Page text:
At a fixed total observed emission line flux, the signal-to-noise (S/N) ratio in spatially-resolved spectra depends on the apparent size and V sin of the target galaxies. In read-out and sky photon noise limited spectra, the rotation curve of small, slow rotating galaxies have higher S/N ratios because the emission line flux is spread over a smaller area on the CCD detector. The complex interplay between flux, intrinsic size, rotation velocity and redshift yielding the final S/N values can only be thoroughly modelled through simulations. ELFIT2D was tested on a set of simulations spanning a wide range of parameter values and hence, a wide range of S/N ratios to look for systematic biases and parameter covariances. A total of 342 rotation curve simulations were analyzed with ELFIT2D.

The simulated rotation curves were created using an IRAF/SPP task called GO2DBLT which produced simulated spectra of the [OII] doublet following the description of synthetic rotation curves given in section . Photon and read-out noise was added using the IRAF task MKNOISE in the ARTDATA package. Each simulated rotation curve was the sum of two 3600s exposures and was analyzed with ELFIT2D as if it were a real observed spectrum. Canonical parameter values were V sin = 130 km/s, disk scale length of 2.0h kpc, [OII] ratio of 1.0, total [OII] flux of 1053 DU and background level of 0 DU. With these values, the S/N ratios in simulations were typically worse than the S/N ratios of observed spectra. For example, most target galaxies had disk scale length less than 2.0 h kpc (see Table ), and only 4 out of 13 observed MOS spectra had total [OII] fluxes lower than 1053 DU. On the other hand, only 2 out of 9 SIS spectra had total [OII] fluxes higher than 1053 DU, so another set of simulations with total [OII] flux of 526 DU was generated. All observed SIS spectra had total [OII] fluxes higher than this lower flux limit.

Two main sets of simulations were created: one for SIS and one for MOS. Each set was further subdivided in low and high redshift subsets (z=0.25 and z=0.42), and each of these subsets comprised 5 sequences with each sequence exploring a range of values for a given parameter. The parameter values used in the five simulation sequences are given in Table . The independent variables in sequences 1, 2, 4 and 5 were disk scale length, V sin , total [OII] flux and [OII] ratio respectively. Sequence 3 was made up of random combinations of parameter values. Note that the parameters for the sequences 1.3 and 2.3 are given in order i.e. the first simulation had r = 2.5 h kpc, V sin = 130 km/s and a [OII] ratio of 0.3, the second simulation had r = 1.0 h kpc, V sin = 173 km/s and a [OII] ratio of 1.5, and so on. The total [OII] flux in all 1.x sequences was 1052 DU, and the total [OII] flux in the 2.x simulation sequences generated for SIS was 526 DU. A five-panel figure showing parameter variations measured by ELFIT2D as a function of input values of the independent variable was plotted for each sequence. The identification numbers labelling all these figures are given in Table . Table gives Figure ID for sequences 1.1 through 1.5 and 2.1 through 2.5 generated for MOS and SIS at low (z=0.25) and high (z=0.42) redshifts.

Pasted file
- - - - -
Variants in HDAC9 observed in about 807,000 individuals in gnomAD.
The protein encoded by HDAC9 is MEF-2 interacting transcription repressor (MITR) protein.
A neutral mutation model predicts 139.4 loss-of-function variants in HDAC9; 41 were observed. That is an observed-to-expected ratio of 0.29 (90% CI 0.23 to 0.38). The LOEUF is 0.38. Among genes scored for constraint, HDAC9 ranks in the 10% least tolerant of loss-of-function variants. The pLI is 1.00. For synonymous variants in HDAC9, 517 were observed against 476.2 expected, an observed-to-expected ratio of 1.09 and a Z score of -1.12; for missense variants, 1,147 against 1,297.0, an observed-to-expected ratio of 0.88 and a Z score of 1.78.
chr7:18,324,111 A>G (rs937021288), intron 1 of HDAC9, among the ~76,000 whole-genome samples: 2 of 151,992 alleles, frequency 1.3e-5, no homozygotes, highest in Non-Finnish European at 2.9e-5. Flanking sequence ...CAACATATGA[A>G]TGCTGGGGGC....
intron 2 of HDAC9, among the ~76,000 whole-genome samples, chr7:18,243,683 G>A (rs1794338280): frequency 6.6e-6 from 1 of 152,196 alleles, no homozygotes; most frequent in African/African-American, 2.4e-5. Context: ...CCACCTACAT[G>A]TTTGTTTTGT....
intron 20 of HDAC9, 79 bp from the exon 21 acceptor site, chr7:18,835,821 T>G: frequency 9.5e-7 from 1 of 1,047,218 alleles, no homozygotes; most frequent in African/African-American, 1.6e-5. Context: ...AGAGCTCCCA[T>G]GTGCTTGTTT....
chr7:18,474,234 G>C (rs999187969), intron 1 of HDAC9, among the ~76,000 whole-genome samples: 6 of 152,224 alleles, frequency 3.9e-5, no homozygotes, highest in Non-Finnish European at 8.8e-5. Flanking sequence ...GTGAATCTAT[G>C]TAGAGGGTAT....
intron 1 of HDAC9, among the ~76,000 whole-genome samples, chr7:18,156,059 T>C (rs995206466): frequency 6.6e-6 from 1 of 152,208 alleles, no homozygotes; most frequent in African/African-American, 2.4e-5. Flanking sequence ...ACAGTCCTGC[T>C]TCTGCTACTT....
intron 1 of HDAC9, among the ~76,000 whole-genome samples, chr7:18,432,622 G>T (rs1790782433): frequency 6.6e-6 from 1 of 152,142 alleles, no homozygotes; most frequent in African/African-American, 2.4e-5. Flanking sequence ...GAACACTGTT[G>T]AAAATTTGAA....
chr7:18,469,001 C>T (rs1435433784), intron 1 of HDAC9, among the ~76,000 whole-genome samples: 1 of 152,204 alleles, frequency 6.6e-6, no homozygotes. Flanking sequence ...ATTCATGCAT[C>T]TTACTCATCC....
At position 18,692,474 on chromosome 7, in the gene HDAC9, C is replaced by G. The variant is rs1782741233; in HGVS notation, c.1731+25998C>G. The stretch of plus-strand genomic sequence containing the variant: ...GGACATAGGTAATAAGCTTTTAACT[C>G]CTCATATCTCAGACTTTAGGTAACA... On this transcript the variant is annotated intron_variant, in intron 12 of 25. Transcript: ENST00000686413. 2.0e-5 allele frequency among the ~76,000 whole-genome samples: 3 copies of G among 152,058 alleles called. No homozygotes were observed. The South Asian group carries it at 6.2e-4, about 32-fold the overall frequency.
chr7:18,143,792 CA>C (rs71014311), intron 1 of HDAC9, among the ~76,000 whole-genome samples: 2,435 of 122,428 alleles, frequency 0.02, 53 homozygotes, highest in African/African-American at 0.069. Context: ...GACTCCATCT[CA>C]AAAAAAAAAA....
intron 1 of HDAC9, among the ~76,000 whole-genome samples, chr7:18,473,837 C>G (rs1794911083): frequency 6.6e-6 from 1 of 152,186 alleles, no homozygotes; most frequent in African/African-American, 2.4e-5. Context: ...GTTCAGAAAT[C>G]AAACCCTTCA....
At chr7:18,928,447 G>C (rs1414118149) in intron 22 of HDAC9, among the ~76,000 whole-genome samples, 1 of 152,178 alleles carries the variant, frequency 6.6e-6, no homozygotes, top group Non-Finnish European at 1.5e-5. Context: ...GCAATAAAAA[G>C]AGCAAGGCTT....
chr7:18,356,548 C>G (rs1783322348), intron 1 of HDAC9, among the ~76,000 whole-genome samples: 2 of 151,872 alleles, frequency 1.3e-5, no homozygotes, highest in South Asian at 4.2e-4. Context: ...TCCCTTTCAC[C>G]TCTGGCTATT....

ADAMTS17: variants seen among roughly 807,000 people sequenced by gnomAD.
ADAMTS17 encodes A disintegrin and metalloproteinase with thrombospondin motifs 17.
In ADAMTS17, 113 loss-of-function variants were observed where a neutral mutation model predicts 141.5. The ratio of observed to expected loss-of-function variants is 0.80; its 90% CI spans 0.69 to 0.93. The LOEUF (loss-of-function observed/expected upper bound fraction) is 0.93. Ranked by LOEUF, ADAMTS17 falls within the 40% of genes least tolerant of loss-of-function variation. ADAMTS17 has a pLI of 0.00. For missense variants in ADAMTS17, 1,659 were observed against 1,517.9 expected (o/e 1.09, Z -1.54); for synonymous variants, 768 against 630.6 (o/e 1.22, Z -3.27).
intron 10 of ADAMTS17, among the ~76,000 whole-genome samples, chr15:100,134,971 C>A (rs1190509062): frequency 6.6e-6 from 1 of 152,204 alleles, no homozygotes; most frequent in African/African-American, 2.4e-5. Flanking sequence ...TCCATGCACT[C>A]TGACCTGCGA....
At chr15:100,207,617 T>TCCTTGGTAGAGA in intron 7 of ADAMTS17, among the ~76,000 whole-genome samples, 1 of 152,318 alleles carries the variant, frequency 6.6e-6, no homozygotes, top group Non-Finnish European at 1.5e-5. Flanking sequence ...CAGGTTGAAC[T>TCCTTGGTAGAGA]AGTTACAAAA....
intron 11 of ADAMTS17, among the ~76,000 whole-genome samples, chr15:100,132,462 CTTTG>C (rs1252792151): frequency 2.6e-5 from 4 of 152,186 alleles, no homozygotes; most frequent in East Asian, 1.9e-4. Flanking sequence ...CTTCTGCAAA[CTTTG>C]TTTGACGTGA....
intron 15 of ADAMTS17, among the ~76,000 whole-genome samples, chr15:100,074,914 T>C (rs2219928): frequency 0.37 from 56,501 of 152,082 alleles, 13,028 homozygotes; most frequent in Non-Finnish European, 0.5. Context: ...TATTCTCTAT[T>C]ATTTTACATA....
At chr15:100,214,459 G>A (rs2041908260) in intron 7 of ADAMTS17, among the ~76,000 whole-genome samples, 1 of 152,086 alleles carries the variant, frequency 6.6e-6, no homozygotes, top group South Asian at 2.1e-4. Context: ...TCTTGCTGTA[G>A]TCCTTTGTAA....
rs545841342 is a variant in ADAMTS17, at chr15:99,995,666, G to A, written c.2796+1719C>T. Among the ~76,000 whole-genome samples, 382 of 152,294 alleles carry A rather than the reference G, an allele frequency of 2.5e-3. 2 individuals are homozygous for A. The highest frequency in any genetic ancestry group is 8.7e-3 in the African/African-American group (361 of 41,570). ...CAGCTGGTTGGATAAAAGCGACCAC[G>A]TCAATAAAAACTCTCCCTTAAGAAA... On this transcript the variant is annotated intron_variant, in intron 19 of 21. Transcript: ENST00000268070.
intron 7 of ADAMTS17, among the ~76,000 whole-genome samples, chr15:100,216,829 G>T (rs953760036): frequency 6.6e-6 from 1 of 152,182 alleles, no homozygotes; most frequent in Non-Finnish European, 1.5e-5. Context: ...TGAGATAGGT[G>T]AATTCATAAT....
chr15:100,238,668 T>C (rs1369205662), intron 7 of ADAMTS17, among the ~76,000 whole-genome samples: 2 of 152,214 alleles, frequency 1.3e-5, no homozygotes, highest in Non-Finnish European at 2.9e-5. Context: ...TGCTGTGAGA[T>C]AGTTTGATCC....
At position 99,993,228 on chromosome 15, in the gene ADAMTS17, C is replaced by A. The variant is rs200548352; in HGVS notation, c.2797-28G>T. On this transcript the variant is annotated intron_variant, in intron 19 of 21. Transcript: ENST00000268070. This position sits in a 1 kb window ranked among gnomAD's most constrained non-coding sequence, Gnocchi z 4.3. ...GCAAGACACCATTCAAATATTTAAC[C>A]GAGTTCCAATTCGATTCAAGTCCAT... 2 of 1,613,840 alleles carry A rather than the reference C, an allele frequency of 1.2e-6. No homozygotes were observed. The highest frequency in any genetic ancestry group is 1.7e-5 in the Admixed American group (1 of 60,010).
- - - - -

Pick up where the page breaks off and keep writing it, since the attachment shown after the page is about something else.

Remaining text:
For the simulated SIS rotation curves, ELFIT2D did a remarkable job at recovering the input parameter values even in the 2.x sequences which had very low total [OII] fluxes. For MOS, Figures and show that ELFIT2D does well at recovering parameter values (except for the [OII] ratio as expected from the spectral resolution of MOS), but worrisome biases are seen in other figures. In particular, Figure shows that, for MOS data, the scale lengths measured by ELFIT2D are consistently too low and the measured V sin 's are consistently too low for input V sin values greater than 150 km/s. The total [OII] flux also appears to be systematically underestimated. These biases are what would be expected from spectra with S/N ratios that are too low. These biases are particularly worrisome because they affect two important variables. Disk scale length is used to determine whether [OII] is concentrated in the nuclei of galaxies, and V sin is used to look for changes in luminosity. Figure shows very low S/N ratios introduce systematic errors which could be interpreted as anomalous [OII] kinematics and/or luminosity boosting.

One of the limitations of the body of simulations described so far is its set of canonical parameter values. Ideally, simulations should all be re-run for 22 different sets of canonical parameter values, one per observed spectrum. It would be the best way to test the performance of ELFIT2D on each spectrum. However, this would require generating close to 7500 simulations which could only be analyzed in a reasonable time with faster computers. Are the biases seen in the MOS simulations simply due to the fact that MOS simulations had lower S/N ratios than the observations? To answer this question, additional MOS simulations were generated. Sequence 2 was generated for each galaxy observed with MOS. The broad-band disk scale length taken from Table was used for the [OII] scale length. The total [OII] flux of the galaxy was taken to be its observed flux (Table ). It is important to keep mind that the observed total [OII] flux could be an underestimate in some cases as suggested by Figure . The redshift of the simulations of a given galaxy was the redshift given in Table for that galaxy. Figures to show ELFIT2D measured disk scale length and V sin as a function of input V sin for each galaxy observed with MOS. These figures are discussed galaxy by galaxy in Section .

Mon Sep 2 12:37:40 PDT 1996